Deep in the recesses of the chrome rim there were areas of black that seemed to resist elbow-grease and Solvol Autosol, a so-called chrome cleaner that I would never normally use on chrome as I consider it too abrasive - I keep it for the alloy parts. It even resisted a wet Scotchbrite pad (although heavy use of a wet pad will eventually wear away the chrome, use of a dry pad results in visible scratches almost immediately). So I took a small screwdriver to a patch and scratched away at it fairly gently to see what happened. Amazingly it came away, and with a wet Scotchbrite used after the screwdriver left a tiny pimple in the chrome in place of what had been an area of black perhaps 1/2" by 1/4". So that became the first step in the process, to be followed by a session with Solvol Autosol and a great improvement in all the rims.
Next came removing the existing black paint. A 'pencil' wire brush in a drill proved very effective. Even though quite a lot of the paint remained most of it had very poor adhesion around the cut-outs in the outer part, although it was a bit harder work in the central section. I completely stripped the front but just the areas round the cut-outs on the back. A short-cut I know, but since the end-result was hardly going to be pristine it didn't warrant the extra effort to completely strip the rear as well.
What paint to use? Although the spare (which I have only ever used once for a puncture as about 1/3rd of the chrome in one large area has peeled off and been painted silver) looks like it has been repainted in gloss, that on the wheels on the car looks like satin, and I think the satin is preferable. I had previously used Hammerite Special Metals primer (brushing) and silver (aerosol spray) on the Toyota Celica wheels with good results so opted for the same again but in satin black. The problem is all those cut-outs in the alloy with polished facets, and the polished ring round the nuts. I tried masking off the central ring but it proved impossible, let alone the cut-outs. Laying masking tape past the edge then shaving it off with a sharp blade may work but I didn't think of that at the time. I had seen liquid masking tape in Halfords so thought that worth a try, but wouldn't you know they had sold out and didn't know when they were getting more in. As I was on a tight timescale there was nothing else for it but to go for brushing top-coat as well as undercoat and no masking - what was I thinking of!
The primer is very easy to apply, being thin but with good coverage, and able to be top-coated within a couple of hours. I used a 1/4" flat brush (last used for painting Airfix kits with my son) and it didn't take too long. I made sure I painted right up to the edges which meant that there were some streaks onto the polished facets, but I immediately wiped along each facet with a thumb or finger which left a nice sharp edge.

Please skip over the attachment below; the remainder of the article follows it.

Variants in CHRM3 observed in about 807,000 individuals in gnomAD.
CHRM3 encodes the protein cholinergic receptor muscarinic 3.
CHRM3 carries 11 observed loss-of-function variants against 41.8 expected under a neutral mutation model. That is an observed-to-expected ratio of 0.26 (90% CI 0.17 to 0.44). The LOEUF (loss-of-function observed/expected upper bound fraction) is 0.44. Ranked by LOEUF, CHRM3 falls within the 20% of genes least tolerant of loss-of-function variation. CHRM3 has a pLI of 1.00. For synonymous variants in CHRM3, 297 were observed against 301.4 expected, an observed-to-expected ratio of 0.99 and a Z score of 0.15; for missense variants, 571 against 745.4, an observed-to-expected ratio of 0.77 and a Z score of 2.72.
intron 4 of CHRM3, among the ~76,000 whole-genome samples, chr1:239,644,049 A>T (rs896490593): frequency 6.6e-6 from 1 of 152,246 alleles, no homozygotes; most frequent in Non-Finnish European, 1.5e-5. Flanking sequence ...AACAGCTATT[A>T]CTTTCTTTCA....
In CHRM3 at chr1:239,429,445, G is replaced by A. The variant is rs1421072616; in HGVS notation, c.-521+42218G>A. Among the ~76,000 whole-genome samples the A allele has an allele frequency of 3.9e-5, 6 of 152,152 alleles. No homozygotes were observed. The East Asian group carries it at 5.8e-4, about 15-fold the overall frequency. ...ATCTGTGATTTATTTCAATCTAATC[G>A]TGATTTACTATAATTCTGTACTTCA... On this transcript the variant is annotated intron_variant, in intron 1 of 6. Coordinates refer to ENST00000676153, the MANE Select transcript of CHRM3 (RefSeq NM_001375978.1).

The top coat was a different matter - it is quite thick anyway, has to be applied thickly or the coverage is poor and the red primer shows through badly, it needs two coats anyway, and they must be applied at least two hours apart but within seven hours of each other. This was very time consuming with the 1/4" brush and a 1/2" proved better for the larger areas with the 1/4" being reserved for the groove between the cut-outs and the ring and the inner faces of the cut-outs. One thing I was concerned about was brush-marks in the paint, but even though it has a thick consistency it flows very well and all the brush marks vanished. The can warns against too-thick application causing sagging and runs, but I didn't get any. For the back of the wheel round the cut-outs a spray version of the same paint was OK as there was no masking required, and this saved some time. While waiting for each coat to dry I cleaned up the (previously removed) hub centres with Solvol Autosol and the wheel nuts with a wet Scotchbrite pad to remove the rust staining on the chrome and Solvol Autosol to polish. The MG logo came out of one of the centres while removing it from the wheel with a mallet, Araldite has proved very good for sticking them back on.
The results are really quite good (this was a refurb, not a restoration) and well worth the eight hours or so of effort per wheel it took. They still don't bear close examination of the chrome or nuts, but they are a lot better than before. Some of the nuts are hardly marked whereas others have lost quite a bit of chrome and the substrate has rusted. I did consider replacing the nuts with stainless now, but at £74 for sixteen that can wait for the new wheels.
September 2017 and they get another much needed 'clean'. The black centres were still sound after the previous refurb, the facets came up well with Solvol Autosol similarly the chrome centres, but the chrome rims needed a lot of work with a pan-scourer and Solvol Autosol, and even a blunt flat-blade screwdriver to get the worst of the crustiness off from round pin-holes in the chrome that had allowed corrosion to leach out. I'd already replaced the nuts with stainless in 2010, although half of them started rusting and turned out to be magnetic i.e. ferrous steel! Some argument with the supplier got them replaced - eventually.